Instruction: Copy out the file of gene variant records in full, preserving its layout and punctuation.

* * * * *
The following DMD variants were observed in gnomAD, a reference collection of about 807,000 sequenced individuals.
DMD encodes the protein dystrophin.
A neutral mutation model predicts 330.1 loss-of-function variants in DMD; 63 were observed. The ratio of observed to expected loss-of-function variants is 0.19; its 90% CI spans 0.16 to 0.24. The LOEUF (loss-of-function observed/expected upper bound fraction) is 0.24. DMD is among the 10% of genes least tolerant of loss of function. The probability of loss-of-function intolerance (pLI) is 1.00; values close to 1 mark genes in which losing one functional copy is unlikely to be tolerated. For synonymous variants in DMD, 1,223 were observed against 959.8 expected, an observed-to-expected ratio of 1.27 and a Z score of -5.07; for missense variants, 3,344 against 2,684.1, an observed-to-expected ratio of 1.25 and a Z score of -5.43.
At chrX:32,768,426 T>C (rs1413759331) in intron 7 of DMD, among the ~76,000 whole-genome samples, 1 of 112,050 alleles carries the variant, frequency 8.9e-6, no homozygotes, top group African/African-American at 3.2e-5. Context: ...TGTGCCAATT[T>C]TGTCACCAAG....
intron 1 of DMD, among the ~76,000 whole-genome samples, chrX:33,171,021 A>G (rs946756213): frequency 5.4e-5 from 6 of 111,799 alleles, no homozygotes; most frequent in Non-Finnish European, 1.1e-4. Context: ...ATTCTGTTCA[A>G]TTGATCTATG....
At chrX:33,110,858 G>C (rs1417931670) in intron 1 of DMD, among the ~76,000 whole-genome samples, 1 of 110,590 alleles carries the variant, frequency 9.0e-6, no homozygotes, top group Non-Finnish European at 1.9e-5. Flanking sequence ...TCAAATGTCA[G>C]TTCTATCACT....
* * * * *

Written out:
The following DMD variants were observed in gnomAD, a reference collection of about 807,000 sequenced individuals.
DMD encodes the protein dystrophin.
A neutral mutation model predicts 330.1 loss-of-function variants in DMD; 63 were observed. The ratio of observed to expected loss-of-function variants is 0.19; its 90% CI spans 0.16 to 0.24. The LOEUF (loss-of-function observed/expected upper bound fraction) is 0.24. DMD is among the 10% of genes least tolerant of loss of function. The probability of loss-of-function intolerance (pLI) is 1.00; values close to 1 mark genes in which losing one functional copy is unlikely to be tolerated. For synonymous variants in DMD, 1,223 were observed against 959.8 expected, an observed-to-expected ratio of 1.27 and a Z score of -5.07; for missense variants, 3,344 against 2,684.1, an observed-to-expected ratio of 1.25 and a Z score of -5.43.
At chrX:32,768,426 T>C (rs1413759331) in intron 7 of DMD, among the ~76,000 whole-genome samples, 1 of 112,050 alleles carries the variant, frequency 8.9e-6, no homozygotes, top group African/African-American at 3.2e-5. Context: ...TGTGCCAATT[T>C]TGTCACCAAG....
intron 1 of DMD, among the ~76,000 whole-genome samples, chrX:33,171,021 A>G (rs946756213): frequency 5.4e-5 from 6 of 111,799 alleles, no homozygotes; most frequent in Non-Finnish European, 1.1e-4. Context: ...ATTCTGTTCA[A>G]TTGATCTATG....
At chrX:33,110,858 G>C (rs1417931670) in intron 1 of DMD, among the ~76,000 whole-genome samples, 1 of 110,590 alleles carries the variant, frequency 9.0e-6, no homozygotes, top group Non-Finnish European at 1.9e-5. Flanking sequence ...TCAAATGTCA[G>C]TTCTATCACT....